I received a Roomba for Christmas last year.
It took me half a year to unpack and start using it (Don’t ask. We all have our quirks.), but now it’s vacuuming my office while I type.
A few years ago, we visited one of our grandmas, and she casually remarked, “I’m sitting here talking with you while my machines (dishwasher and washing machine) do my work.”
She remembers a time when dish and clothes washing required her physical presence.
In The Life We’re Looking For, Andy Crouch writes,
“Every technical advance in human history has been borne on the wings to two promises:
1. “Now you’ll be able to . . .”–The promise of expanding human experience and capacity in some way. You might not have studied piano as a child, the player-piano salesmen would say, but “now you’ll be able to” have piano music in your home anyway.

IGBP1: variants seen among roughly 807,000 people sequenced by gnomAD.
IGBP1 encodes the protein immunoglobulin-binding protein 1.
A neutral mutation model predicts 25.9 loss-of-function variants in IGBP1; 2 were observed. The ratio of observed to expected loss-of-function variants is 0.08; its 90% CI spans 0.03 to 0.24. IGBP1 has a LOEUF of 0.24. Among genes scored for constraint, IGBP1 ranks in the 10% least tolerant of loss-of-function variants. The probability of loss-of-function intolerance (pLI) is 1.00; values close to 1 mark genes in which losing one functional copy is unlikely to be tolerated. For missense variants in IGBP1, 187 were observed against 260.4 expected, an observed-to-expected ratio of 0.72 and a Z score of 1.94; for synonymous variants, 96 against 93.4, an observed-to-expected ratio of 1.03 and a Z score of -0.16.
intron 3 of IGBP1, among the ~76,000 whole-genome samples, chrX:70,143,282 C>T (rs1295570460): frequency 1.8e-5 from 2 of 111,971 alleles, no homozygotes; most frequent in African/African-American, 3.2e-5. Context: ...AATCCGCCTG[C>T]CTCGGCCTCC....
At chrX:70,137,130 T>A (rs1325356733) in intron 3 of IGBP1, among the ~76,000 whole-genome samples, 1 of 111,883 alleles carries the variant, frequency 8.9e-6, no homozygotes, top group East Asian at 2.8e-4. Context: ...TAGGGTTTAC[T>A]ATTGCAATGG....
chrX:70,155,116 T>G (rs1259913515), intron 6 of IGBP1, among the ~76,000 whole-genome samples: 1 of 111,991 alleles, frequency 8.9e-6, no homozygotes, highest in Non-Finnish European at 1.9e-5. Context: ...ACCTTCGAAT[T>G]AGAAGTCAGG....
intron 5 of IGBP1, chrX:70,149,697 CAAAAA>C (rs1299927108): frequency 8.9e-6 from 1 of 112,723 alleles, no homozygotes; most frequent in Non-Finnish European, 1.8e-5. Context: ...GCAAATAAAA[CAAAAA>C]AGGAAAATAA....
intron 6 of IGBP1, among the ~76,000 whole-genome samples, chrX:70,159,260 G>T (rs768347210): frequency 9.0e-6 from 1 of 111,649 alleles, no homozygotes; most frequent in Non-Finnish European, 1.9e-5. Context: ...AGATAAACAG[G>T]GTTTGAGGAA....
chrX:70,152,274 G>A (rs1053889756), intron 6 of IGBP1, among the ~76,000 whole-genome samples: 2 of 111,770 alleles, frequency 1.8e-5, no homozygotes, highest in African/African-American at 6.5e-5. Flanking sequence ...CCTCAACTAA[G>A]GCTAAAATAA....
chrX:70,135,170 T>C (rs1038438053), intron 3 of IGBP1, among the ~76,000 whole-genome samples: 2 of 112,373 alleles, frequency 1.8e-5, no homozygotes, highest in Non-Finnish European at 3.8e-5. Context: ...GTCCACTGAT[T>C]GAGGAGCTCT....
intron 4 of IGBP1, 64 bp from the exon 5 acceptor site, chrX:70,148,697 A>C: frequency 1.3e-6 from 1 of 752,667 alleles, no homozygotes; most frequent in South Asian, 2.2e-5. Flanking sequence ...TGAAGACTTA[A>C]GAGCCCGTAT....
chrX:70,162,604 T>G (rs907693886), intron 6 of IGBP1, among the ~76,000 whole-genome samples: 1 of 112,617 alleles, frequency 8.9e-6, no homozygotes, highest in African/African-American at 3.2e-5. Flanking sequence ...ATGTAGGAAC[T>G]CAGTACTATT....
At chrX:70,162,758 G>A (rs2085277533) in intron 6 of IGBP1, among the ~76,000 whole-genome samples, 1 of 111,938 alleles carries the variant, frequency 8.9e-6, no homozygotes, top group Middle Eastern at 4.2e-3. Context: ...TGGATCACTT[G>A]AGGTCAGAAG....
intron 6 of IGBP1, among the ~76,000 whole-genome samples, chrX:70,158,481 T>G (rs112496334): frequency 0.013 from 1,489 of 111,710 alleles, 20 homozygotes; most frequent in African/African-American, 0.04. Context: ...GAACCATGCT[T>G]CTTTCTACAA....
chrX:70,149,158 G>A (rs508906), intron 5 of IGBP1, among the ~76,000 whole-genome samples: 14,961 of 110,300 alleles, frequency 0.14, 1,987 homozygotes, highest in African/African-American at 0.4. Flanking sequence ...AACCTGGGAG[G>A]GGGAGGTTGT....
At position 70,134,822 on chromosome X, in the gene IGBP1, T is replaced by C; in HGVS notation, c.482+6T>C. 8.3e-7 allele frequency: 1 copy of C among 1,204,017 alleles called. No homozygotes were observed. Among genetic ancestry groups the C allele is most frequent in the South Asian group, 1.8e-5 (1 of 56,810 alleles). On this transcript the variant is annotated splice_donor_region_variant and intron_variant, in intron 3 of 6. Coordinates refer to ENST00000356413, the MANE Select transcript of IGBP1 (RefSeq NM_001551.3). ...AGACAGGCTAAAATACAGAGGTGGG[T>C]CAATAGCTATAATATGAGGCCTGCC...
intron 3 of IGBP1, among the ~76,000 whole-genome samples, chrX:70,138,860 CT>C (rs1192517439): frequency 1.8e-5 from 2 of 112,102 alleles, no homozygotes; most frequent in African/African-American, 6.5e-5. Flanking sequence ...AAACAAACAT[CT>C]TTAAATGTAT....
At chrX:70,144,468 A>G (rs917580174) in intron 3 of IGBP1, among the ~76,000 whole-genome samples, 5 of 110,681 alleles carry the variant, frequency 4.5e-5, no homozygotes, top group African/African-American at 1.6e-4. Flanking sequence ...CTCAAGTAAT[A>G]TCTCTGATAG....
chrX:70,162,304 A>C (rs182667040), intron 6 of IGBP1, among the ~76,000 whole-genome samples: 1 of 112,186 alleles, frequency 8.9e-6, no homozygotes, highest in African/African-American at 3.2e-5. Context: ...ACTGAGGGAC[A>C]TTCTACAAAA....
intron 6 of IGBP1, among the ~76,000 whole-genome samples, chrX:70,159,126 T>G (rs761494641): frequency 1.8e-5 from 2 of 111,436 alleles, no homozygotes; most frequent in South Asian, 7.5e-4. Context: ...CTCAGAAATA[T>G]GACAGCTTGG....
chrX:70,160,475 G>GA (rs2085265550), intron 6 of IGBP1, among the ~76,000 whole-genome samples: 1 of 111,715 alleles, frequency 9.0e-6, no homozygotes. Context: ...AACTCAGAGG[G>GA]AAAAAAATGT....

2. “You’ll no longer have to . . .”–The promise of relieving toil, drudgery, stress, and for that matter, skill. “You’ll no longer have to practice,” says the player-piano brochure.”
The latest technology offering these promises is A.I. (ChatGPT, etc.).
Will it cause some problems? Yep.
Will it solve some problems? Yep.
But one thing it will never replace is the value of human intelligence. It will never authentically laugh or smile. It will never express true kindness. It will never be genuinely trustworthy.
In other words, it will never do the things that are most meaningful to the people around you, so embrace new tools and use them, but remember, as a leader, you offer something it never will.
After all, grandma used her newly found time to sit and tell stories to her grandchildren and great-grandchildren. .